This story takes place in a small town on the Hungarian Plain. In a provincial town, which is surrounded with nothing else but frost. It is bitterly cold weather – without snow. It is twenty degrees below zero. Even in this bewildered cold hundreds of people are standing around the circus tent, which is put up in the main square, to see – as the outcome of their wait – the chief attraction, the stuffed carcass of a real whale. The people are coming from everywhere. From the neighbouring settlings, from different holes of the Plain, even from quite far away parts of the country. They are following this clumsy monster as a dumb, faceless, rag-wearing crowd. This strange state of affairs – the appearance of the foreigners, the extreme frost – disturbs the order of the small town. The human connections are overturning, the ambitious personages of the story feel they can take advantage of this situation, while the people who are condemned anyway to passivity fall into an even deeper uncertainty. The tension growing to the unbearable is brought to explosion by the figure of the Prince, who is pretending facelessness and is lying low behind the whale. Even his mere appearance is enough to break loose the destroying emotions. The apocalypse that sweeps away everything spares nothing. I does not spare the outsiders wrapped up in scientificness, does not spare the teenage enthusiasts, the people who have philistine fears for ease, the family – nothing that the European culture preserved as from of attitude in the last centuries. Continue reading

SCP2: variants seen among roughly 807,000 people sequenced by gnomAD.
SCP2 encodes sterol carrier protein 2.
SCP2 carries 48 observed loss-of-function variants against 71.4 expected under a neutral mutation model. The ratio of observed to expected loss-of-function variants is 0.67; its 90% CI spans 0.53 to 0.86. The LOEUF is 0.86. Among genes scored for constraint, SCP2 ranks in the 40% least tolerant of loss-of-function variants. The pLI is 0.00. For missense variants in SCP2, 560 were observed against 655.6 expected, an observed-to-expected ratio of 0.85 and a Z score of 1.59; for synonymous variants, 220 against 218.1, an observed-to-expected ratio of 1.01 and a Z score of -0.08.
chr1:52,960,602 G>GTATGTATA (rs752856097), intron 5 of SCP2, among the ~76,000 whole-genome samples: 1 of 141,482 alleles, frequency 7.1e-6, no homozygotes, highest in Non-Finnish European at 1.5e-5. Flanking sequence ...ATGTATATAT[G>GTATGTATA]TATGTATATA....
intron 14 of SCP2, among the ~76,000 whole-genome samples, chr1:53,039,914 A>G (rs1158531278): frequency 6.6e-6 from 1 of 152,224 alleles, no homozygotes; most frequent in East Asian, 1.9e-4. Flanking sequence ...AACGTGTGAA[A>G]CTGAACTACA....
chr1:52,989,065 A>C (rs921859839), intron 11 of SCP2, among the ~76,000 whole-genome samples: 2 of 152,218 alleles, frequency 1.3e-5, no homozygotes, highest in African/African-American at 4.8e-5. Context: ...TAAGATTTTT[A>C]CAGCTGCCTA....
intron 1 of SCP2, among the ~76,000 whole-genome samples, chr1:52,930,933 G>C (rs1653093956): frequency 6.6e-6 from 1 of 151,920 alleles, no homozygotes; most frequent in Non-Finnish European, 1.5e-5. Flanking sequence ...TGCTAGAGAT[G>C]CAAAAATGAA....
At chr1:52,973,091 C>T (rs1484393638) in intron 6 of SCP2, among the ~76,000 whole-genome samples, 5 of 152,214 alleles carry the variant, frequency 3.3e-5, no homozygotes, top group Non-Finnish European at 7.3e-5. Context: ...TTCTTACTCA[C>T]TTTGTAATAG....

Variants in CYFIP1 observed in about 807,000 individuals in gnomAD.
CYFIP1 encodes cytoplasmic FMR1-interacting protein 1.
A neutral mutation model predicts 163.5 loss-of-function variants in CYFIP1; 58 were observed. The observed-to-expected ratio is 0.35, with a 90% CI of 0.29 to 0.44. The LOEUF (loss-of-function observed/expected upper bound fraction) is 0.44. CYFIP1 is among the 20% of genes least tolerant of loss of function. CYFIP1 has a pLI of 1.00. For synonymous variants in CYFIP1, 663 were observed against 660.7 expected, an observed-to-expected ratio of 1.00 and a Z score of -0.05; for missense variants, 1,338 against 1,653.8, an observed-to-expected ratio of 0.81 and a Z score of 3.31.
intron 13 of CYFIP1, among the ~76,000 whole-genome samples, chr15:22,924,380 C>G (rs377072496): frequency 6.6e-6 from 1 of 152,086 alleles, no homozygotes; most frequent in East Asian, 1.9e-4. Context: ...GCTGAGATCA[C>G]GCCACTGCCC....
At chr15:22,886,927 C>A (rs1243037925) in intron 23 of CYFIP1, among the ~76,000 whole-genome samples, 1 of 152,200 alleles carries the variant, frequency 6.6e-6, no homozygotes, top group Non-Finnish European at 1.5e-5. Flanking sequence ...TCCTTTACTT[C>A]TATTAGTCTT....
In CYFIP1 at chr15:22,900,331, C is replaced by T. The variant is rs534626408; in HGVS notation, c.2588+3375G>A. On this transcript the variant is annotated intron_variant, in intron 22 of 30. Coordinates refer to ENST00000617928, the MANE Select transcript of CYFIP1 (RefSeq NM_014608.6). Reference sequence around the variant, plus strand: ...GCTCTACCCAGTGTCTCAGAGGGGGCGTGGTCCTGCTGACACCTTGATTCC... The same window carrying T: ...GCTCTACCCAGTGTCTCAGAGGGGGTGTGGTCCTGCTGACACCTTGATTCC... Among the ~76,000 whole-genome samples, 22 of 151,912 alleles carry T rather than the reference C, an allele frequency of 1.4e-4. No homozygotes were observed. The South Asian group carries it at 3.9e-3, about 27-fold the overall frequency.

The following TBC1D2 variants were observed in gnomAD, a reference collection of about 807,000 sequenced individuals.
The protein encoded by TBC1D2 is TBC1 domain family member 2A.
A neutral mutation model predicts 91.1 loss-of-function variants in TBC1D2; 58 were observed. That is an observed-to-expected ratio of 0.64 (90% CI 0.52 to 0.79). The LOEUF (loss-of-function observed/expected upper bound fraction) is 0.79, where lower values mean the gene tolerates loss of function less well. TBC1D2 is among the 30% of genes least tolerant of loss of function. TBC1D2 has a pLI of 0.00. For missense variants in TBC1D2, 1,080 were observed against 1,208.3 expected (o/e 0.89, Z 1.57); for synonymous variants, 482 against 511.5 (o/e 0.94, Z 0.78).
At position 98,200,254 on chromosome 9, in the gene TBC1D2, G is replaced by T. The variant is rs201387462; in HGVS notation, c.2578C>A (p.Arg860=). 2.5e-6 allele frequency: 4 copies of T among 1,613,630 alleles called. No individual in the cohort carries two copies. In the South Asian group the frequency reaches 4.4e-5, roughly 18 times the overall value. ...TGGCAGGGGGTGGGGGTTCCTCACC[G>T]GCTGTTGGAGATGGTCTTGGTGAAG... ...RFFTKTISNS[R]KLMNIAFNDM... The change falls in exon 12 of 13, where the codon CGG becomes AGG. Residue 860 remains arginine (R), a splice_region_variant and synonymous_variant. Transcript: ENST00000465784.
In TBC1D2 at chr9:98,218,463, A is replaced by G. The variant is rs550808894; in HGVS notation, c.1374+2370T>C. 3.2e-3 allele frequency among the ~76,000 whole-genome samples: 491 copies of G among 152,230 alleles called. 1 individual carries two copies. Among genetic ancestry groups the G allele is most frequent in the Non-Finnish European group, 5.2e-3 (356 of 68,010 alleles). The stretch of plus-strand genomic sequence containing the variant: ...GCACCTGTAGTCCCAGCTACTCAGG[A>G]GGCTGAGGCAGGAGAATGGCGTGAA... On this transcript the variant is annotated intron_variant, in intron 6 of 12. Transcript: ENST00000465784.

In a small Hungarian town lives Karrer, a listless and brooding man who has almost completely withdrawn from the world, but for an obsession with a singer in the bar he frequents. Tarr’s immaculately photo-graphed and composed film is about eternal conflict: the centuries old struggle between barbarism and civilisation. Continue reading